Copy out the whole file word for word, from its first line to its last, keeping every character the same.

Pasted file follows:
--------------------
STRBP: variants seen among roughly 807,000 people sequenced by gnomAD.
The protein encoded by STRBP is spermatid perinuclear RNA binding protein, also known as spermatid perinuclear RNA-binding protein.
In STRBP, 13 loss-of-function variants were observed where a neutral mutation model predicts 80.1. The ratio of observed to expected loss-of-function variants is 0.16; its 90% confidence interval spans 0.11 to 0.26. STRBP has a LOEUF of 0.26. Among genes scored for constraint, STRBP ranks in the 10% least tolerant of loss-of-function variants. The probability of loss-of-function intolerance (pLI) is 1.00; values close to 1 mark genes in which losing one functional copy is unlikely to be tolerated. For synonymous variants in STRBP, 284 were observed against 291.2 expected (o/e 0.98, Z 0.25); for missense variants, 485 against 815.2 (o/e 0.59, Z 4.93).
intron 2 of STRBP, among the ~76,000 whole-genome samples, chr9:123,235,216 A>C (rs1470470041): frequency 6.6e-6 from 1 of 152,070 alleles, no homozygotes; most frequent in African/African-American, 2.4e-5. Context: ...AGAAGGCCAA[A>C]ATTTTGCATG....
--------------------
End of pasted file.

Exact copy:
STRBP: variants seen among roughly 807,000 people sequenced by gnomAD.
The protein encoded by STRBP is spermatid perinuclear RNA binding protein, also known as spermatid perinuclear RNA-binding protein.
In STRBP, 13 loss-of-function variants were observed where a neutral mutation model predicts 80.1. The ratio of observed to expected loss-of-function variants is 0.16; its 90% confidence interval spans 0.11 to 0.26. STRBP has a LOEUF of 0.26. Among genes scored for constraint, STRBP ranks in the 10% least tolerant of loss-of-function variants. The probability of loss-of-function intolerance (pLI) is 1.00; values close to 1 mark genes in which losing one functional copy is unlikely to be tolerated. For synonymous variants in STRBP, 284 were observed against 291.2 expected (o/e 0.98, Z 0.25); for missense variants, 485 against 815.2 (o/e 0.59, Z 4.93).
intron 2 of STRBP, among the ~76,000 whole-genome samples, chr9:123,235,216 A>C (rs1470470041): frequency 6.6e-6 from 1 of 152,070 alleles, no homozygotes; most frequent in African/African-American, 2.4e-5. Context: ...AGAAGGCCAA[A>C]ATTTTGCATG....